Long-term care residents’ rights: Part 5

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Photo credit: Ian Merritt
Photo credit: Ian Merritt

Welcome to Part 5 of my series on long-term care (LTC) residents’ rights.  Part 1 focused on a resident’s right to make choices that are important to her.  In Part 2, I discussed the topic of LTC admission procedures, specifically, a Waiver of Liability document that is oftentimes included  in the admission packet.  Part 3 addressed eviction/discharge from a long-term care facility, and Part 4 addressed abuse and substandard care.  Today’s topic addresses a resident’s right to choose, or reject, prescribed medical care.

A pile of poo disguised as a hot dog

I guess when you don’t have a choice in the matter you gradually come around to liking life in the assisted living “community” as the staff at this facility like to call it. When I couldn’t get around my old place without the constant threat of falling in the neighborhood or falling asleep at the wheel of my 1994 Mercury Sable, I took my son’s advice as gospel, and let him move me five miles from my lady friends, and ten miles from the Baptist church I had attended for God knows how long.

Now, my only option is to attend an ecumenical service in the activity room each Sunday – it more or less satisfies those who rely on some sort of ritual to get them through the following week – and I have a completely new set of lady friends with whom I eat every meal.

It must be baseball season; for lunch today, the dining room is decorated with red, white, and blue crepe paper and the centerpieces contain a miniature bat and ball placed “just so” surrounded by a pile of sticky Cracker Jacks that we’re told are not edible, but I try one anyway and add credibility to the admonishment by spitting it out into my napkin.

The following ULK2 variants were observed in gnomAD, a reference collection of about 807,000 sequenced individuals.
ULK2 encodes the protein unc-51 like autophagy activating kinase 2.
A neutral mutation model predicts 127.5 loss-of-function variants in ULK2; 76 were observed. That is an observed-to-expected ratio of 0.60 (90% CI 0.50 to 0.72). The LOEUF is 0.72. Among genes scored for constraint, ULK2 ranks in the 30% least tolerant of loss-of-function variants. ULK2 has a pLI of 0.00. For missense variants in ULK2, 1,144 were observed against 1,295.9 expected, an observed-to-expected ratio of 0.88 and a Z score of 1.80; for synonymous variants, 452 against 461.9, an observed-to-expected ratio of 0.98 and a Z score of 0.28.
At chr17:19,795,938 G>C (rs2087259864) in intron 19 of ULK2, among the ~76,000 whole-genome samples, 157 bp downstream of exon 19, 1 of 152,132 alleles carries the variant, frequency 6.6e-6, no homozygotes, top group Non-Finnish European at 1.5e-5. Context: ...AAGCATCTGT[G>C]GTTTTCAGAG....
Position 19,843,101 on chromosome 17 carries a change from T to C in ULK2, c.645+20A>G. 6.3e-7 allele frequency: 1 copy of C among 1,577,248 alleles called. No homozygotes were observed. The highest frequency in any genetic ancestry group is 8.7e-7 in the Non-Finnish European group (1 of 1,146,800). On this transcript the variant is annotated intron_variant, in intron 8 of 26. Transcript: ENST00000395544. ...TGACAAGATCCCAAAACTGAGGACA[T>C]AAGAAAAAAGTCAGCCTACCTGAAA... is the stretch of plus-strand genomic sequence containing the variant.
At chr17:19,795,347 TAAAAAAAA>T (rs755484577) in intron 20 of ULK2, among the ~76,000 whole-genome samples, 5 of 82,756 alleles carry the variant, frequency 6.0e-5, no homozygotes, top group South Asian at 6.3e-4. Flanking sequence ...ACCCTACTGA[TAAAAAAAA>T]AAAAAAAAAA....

Lord have mercy, we even have a special lunch menu from which we can choose what apparently is considered food one would eat at sporting exhibitions: hot dogs, hamburgers, fries, all served with a gigantic phallic-looking dill pickle on the side. Now, don’t act so shocked.  The young people don’t think us older folk know what the intimate body parts are called and that we would never know what to do with them even if we did, but let me tell you, my group of lady friends have a laugh or two over things of a sexual nature. We’re not dead yet and most of our memories of such things are still intact.

The four of us ordered the chili dog special and got caught up on all the latest news since the previous time we saw each other. About ten minutes later, my meal was served, followed by everyone else’s, and the young server said, “Bon appetite!” But something was horribly wrong. Before the gal got too far away, I beckoned her back to the table. “Sweetie, what is this pile of dog-poop looking stuff on my plate?”

“That’s your chili dog.”

“My lady friends ordered the same thing I ordered and yet look at each of theirs: a hot dog is nestled into a bun, smothered by chili, cheddar cheese, and a few onions. My hot dog, on the other hand, looks like a pile of poo!”

The waitress addressed me, and therefore all the other ladies at the table.  “We have a Special Menu report the kitchen & wait staff are required to review before each meal. There was an entry for you stating that all your food must be pureed because you’ve been having difficulty swallowing. Evidently, when you went out to dinner with your son a couple days ago, you almost aspirated on a piece of flank steak.  Remember?   The Maitre d’ of that restaurant had to Heimlich you. You could have choked! You won’t choke on pureed food – or at least we hope you don’t – so that’s what you have to eat. Doctor’s orders.”